• Characteristics of rural environments: employment; population size and structure; land use (including quarrying, recreation and tourism); accessibility; conservation.
  • The farm as a system. Different types of farming: arable/pastoral; commercial/subsistence; intensive/extensive and ways of raising agricultural production (eg irrigation, glasshouses, genetic engineering, High Yielding Varieties).
  • Causes and consequences of food shortages and attempts to tackle these problems. National and regional
  • Low income country rural settlement changes: farming changes (eg move to cash cropping); rural-to-urban migration and its impact.
  • High income country rural settlement changes: new economic activities; rural

Accredited Level 2 Geography Diploma Unit 2: People and their Environments, and Global Issues

Module 4: Urban environments

  • The nature of urbanisation (including suburbanisation and counter-urbanisation); the factors affecting the rate of urbanisation and the emergence of mega-cities.
  • Mapping of the changing global distribution of mega cities
  • The problems associated with rapid urbanisation including congestion, transport, employment, crime and environmental quality. Global and small (local) Investigating change in environmental quality survey. Urban environments can be characterised by the distribution of different land uses and of people of different economic status and ethnic background.
  • Reasons for factors encouraging similar land uses to concentrate in particular parts of the urban area (eg locational needs, accessibility, land values).
  • Consequences of different land uses, eg the distribution of different socio-economic and ethnic groups, accessibility.
  • Implications of rapidly developing urban areas in low income countries, eg shanty towns (squatter settlements, location, growth, problems and mitigating strategies including self-help). Small (local) changes occur as urban environments age and the needs of people change.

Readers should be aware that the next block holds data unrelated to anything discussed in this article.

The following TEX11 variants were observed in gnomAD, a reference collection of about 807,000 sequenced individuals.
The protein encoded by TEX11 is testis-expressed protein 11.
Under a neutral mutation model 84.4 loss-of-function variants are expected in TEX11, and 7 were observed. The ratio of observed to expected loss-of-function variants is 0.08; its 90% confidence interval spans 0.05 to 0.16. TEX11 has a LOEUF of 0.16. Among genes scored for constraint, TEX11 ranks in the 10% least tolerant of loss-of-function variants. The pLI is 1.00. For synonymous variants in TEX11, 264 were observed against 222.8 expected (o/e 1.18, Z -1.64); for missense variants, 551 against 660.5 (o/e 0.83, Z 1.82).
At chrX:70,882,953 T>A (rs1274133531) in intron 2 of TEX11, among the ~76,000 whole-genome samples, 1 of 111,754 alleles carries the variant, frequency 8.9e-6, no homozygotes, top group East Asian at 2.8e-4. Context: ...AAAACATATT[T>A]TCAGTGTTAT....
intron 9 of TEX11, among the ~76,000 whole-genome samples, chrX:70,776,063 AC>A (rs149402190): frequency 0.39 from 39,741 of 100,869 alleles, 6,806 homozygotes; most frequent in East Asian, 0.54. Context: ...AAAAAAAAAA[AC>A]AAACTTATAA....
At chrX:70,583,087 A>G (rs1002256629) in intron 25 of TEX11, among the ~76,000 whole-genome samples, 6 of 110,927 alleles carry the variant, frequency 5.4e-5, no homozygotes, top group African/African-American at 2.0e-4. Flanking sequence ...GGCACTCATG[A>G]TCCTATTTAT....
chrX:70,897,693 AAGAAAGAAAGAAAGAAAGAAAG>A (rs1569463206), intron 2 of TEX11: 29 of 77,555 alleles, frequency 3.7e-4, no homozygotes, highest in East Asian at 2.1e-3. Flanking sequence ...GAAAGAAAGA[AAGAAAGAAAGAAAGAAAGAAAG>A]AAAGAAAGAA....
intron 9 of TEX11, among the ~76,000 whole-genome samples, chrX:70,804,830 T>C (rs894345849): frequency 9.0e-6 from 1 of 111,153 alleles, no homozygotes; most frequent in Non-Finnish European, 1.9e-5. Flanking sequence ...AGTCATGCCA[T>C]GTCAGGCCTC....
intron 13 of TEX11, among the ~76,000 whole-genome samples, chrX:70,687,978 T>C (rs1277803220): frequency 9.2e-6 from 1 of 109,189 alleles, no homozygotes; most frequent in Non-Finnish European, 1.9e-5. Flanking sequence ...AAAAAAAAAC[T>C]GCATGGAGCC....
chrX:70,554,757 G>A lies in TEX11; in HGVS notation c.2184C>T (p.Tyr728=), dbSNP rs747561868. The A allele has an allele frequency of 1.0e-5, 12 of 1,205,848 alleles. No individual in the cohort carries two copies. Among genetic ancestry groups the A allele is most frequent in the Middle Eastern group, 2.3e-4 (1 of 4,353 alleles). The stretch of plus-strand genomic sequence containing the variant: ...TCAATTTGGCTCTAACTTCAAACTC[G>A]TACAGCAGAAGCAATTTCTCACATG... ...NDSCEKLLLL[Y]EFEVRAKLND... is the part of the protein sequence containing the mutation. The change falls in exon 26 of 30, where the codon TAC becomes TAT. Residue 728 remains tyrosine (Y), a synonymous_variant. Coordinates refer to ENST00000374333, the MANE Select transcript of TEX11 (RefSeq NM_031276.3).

• The nature of, and reasons for, the changes taking place at the edge of high income countries (eg  retail complexes, business parks and industrial estates). The ‘greenfield’ versus ‘brownfield’ debate.
  • Areas of social deprivation and poverty in HIC cities: symptoms and locations. The changing fortunes of inner-city areas.
  • The roles of decision makers (planners, politicians, property developers and industrialists) in urban regeneration and rebranding.

 

Module 5: Globalisation and Migration

  • Globalisation is making the nations of the world increasingly interdependent. Major movements of people are both a cause and a consequence of this interdependence
  • The rise of the global economy (growth of production and commodity chains) and the factors encouraging it (trade, foreign investment, aid, labour, modern transport and information technologies).
  • The global shift in manufacturing and the reasons for this(labour costs, resources, profiteering).
  • TNCs: organisation; role as key players in the global economy; benefits and costs to countries hosting TNCs. Global, national and small
  • The growth of global tourism and its causes (increased leisure, the package holiday, modern transport, marketing).
  • The impact of mass tourism on the environment, economy and people of destination areas.
  • Attempts to make tourism more sustainable (ecotourism). Global, national and small.
  • Migration – a component of population change; international migration; net migration.
  • Types of migration (voluntary versus forced); the push-pull factors affecting migration.
  • Managing migration – refugee and asylum-seeker issues: the case for controlling migration flows.

Progression

This Accredited Level 2 Geography Diploma can be used in preparation for progressing to higher level study in relevant geographical subjects (for example Accredited Level 3 Diplomas) or as a vehicle for career development or to fulfil entry requirements to education courses.